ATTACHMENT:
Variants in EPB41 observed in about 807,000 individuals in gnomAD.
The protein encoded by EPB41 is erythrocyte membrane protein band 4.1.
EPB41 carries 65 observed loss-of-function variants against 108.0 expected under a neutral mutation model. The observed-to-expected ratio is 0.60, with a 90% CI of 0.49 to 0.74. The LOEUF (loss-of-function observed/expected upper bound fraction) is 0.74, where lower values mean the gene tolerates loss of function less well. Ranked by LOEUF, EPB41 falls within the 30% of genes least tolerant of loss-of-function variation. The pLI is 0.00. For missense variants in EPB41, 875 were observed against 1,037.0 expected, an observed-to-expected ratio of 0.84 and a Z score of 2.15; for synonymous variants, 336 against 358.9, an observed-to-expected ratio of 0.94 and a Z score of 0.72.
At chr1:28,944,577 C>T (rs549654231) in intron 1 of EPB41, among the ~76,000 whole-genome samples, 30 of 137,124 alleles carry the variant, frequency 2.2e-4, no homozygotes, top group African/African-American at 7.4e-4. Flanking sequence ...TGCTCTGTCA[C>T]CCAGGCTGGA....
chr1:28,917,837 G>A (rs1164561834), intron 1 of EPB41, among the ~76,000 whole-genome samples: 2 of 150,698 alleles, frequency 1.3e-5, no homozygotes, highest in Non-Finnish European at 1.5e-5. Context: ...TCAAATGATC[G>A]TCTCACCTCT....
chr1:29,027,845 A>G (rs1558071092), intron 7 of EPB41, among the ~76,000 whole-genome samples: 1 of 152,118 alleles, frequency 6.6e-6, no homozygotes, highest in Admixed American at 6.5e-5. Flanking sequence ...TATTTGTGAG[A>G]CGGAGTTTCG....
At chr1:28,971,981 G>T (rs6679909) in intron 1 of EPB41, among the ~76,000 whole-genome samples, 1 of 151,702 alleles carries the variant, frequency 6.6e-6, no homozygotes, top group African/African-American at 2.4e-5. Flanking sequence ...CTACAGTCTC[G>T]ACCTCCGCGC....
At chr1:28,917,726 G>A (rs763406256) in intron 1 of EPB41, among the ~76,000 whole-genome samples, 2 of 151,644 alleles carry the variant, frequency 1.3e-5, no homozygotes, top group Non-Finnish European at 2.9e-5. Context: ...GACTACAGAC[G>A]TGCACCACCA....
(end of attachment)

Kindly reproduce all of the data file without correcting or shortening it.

Variants in EPB41 observed in about 807,000 individuals in gnomAD.
The protein encoded by EPB41 is erythrocyte membrane protein band 4.1.
EPB41 carries 65 observed loss-of-function variants against 108.0 expected under a neutral mutation model. The observed-to-expected ratio is 0.60, with a 90% CI of 0.49 to 0.74. The LOEUF (loss-of-function observed/expected upper bound fraction) is 0.74, where lower values mean the gene tolerates loss of function less well. Ranked by LOEUF, EPB41 falls within the 30% of genes least tolerant of loss-of-function variation. The pLI is 0.00. For missense variants in EPB41, 875 were observed against 1,037.0 expected, an observed-to-expected ratio of 0.84 and a Z score of 2.15; for synonymous variants, 336 against 358.9, an observed-to-expected ratio of 0.94 and a Z score of 0.72.
At chr1:28,944,577 C>T (rs549654231) in intron 1 of EPB41, among the ~76,000 whole-genome samples, 30 of 137,124 alleles carry the variant, frequency 2.2e-4, no homozygotes, top group African/African-American at 7.4e-4. Flanking sequence ...TGCTCTGTCA[C>T]CCAGGCTGGA....
chr1:28,917,837 G>A (rs1164561834), intron 1 of EPB41, among the ~76,000 whole-genome samples: 2 of 150,698 alleles, frequency 1.3e-5, no homozygotes, highest in Non-Finnish European at 1.5e-5. Context: ...TCAAATGATC[G>A]TCTCACCTCT....
chr1:29,027,845 A>G (rs1558071092), intron 7 of EPB41, among the ~76,000 whole-genome samples: 1 of 152,118 alleles, frequency 6.6e-6, no homozygotes, highest in Admixed American at 6.5e-5. Flanking sequence ...TATTTGTGAG[A>G]CGGAGTTTCG....
At chr1:28,971,981 G>T (rs6679909) in intron 1 of EPB41, among the ~76,000 whole-genome samples, 1 of 151,702 alleles carries the variant, frequency 6.6e-6, no homozygotes, top group African/African-American at 2.4e-5. Flanking sequence ...CTACAGTCTC[G>T]ACCTCCGCGC....
At chr1:28,917,726 G>A (rs763406256) in intron 1 of EPB41, among the ~76,000 whole-genome samples, 2 of 151,644 alleles carry the variant, frequency 1.3e-5, no homozygotes, top group Non-Finnish European at 2.9e-5. Context: ...GACTACAGAC[G>A]TGCACCACCA....